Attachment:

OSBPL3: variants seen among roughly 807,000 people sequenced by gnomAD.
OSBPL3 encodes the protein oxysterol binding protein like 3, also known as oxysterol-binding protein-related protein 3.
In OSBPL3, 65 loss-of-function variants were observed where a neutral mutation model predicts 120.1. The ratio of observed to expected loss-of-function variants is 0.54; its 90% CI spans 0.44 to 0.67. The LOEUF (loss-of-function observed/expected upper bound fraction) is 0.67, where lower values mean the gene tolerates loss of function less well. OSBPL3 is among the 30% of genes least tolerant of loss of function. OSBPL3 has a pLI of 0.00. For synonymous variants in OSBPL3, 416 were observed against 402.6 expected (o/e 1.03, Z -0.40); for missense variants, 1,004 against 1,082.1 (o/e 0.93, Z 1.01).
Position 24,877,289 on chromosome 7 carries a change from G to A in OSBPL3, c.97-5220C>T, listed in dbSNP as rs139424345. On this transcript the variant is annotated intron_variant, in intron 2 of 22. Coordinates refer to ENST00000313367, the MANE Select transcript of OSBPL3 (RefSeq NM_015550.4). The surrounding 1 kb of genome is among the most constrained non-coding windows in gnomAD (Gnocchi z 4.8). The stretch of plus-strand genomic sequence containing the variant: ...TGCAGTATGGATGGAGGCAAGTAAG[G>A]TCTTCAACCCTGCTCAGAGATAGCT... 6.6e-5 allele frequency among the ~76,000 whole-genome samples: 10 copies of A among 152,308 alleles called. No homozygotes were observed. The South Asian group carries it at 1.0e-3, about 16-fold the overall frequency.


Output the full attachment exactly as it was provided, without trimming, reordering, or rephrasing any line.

OSBPL3: variants seen among roughly 807,000 people sequenced by gnomAD.
OSBPL3 encodes the protein oxysterol binding protein like 3, also known as oxysterol-binding protein-related protein 3.
In OSBPL3, 65 loss-of-function variants were observed where a neutral mutation model predicts 120.1. The ratio of observed to expected loss-of-function variants is 0.54; its 90% CI spans 0.44 to 0.67. The LOEUF (loss-of-function observed/expected upper bound fraction) is 0.67, where lower values mean the gene tolerates loss of function less well. OSBPL3 is among the 30% of genes least tolerant of loss of function. OSBPL3 has a pLI of 0.00. For synonymous variants in OSBPL3, 416 were observed against 402.6 expected (o/e 1.03, Z -0.40); for missense variants, 1,004 against 1,082.1 (o/e 0.93, Z 1.01).
Position 24,877,289 on chromosome 7 carries a change from G to A in OSBPL3, c.97-5220C>T, listed in dbSNP as rs139424345. On this transcript the variant is annotated intron_variant, in intron 2 of 22. Coordinates refer to ENST00000313367, the MANE Select transcript of OSBPL3 (RefSeq NM_015550.4). The surrounding 1 kb of genome is among the most constrained non-coding windows in gnomAD (Gnocchi z 4.8). The stretch of plus-strand genomic sequence containing the variant: ...TGCAGTATGGATGGAGGCAAGTAAG[G>A]TCTTCAACCCTGCTCAGAGATAGCT... 6.6e-5 allele frequency among the ~76,000 whole-genome samples: 10 copies of A among 152,308 alleles called. No homozygotes were observed. The South Asian group carries it at 1.0e-3, about 16-fold the overall frequency.